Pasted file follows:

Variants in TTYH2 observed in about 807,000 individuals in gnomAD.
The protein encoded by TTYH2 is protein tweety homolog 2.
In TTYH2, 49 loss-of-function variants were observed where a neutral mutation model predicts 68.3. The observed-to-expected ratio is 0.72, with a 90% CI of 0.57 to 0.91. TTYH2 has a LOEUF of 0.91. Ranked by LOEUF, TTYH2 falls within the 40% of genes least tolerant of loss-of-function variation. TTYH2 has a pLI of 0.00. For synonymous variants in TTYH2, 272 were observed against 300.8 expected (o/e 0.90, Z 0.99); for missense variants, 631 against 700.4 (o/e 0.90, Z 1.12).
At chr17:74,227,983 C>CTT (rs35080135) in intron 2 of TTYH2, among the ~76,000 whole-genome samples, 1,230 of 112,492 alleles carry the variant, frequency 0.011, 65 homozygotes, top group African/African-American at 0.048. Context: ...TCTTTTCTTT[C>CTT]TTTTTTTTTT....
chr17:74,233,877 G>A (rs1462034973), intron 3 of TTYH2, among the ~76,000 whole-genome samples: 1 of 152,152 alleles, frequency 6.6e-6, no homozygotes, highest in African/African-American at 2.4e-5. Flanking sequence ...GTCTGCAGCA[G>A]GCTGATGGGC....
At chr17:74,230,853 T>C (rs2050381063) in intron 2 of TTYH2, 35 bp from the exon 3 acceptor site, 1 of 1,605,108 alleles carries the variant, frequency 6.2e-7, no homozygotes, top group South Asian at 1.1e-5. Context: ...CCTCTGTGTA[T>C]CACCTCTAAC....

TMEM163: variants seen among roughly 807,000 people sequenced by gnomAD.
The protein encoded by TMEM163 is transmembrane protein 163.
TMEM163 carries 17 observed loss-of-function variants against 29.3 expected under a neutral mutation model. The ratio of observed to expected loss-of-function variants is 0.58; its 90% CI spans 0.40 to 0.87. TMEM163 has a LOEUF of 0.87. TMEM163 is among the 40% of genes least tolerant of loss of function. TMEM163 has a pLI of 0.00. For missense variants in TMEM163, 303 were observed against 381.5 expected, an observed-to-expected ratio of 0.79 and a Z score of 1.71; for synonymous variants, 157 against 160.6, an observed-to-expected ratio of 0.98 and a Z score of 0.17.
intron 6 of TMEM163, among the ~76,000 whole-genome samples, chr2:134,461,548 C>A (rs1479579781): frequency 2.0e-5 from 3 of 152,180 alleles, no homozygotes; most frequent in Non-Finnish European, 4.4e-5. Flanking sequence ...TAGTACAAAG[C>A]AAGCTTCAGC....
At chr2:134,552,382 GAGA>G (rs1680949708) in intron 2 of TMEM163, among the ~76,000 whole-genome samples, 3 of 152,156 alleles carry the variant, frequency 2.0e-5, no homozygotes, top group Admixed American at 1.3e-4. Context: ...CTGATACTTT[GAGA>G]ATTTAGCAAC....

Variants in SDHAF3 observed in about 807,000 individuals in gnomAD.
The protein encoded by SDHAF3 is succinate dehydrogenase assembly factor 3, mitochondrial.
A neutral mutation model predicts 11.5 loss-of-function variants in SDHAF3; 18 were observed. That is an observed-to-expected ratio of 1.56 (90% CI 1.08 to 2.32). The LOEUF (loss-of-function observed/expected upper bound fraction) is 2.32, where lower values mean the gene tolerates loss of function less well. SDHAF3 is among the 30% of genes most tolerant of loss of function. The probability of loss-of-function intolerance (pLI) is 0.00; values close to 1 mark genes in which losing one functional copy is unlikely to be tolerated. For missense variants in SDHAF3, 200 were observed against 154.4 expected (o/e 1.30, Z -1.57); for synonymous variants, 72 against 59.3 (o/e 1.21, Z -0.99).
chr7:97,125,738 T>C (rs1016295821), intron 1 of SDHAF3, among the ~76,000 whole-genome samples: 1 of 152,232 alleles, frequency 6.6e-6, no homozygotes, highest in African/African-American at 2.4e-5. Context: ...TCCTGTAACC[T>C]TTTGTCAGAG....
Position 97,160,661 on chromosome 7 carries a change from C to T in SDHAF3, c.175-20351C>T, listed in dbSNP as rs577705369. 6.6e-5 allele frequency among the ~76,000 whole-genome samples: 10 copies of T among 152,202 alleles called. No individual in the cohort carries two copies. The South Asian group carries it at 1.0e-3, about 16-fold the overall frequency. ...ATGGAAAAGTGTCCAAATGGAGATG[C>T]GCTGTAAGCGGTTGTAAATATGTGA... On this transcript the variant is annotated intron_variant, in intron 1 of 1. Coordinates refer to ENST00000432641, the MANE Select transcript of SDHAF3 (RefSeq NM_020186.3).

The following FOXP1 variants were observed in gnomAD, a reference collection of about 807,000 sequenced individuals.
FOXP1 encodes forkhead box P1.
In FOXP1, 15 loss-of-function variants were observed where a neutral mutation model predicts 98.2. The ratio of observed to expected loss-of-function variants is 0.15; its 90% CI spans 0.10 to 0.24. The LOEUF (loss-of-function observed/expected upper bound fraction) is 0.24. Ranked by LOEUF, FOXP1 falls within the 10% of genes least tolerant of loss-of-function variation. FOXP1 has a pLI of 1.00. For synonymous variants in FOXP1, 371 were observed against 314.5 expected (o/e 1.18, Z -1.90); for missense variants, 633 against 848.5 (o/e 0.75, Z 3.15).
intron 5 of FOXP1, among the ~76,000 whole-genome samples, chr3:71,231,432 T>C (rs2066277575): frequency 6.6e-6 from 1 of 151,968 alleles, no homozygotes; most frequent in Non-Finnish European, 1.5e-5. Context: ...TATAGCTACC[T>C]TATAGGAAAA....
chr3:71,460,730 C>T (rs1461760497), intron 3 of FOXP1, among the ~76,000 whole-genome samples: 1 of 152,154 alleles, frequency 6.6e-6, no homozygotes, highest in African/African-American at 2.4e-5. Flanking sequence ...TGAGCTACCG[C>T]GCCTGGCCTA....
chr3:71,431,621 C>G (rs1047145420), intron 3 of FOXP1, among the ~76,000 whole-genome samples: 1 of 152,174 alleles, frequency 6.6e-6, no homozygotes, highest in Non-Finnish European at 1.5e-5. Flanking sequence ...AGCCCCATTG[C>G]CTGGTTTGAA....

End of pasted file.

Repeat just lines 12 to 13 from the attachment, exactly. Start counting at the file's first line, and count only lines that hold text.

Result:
Variants in SDHAF3 observed in about 807,000 individuals in gnomAD.
The protein encoded by SDHAF3 is succinate dehydrogenase assembly factor 3, mitochondrial.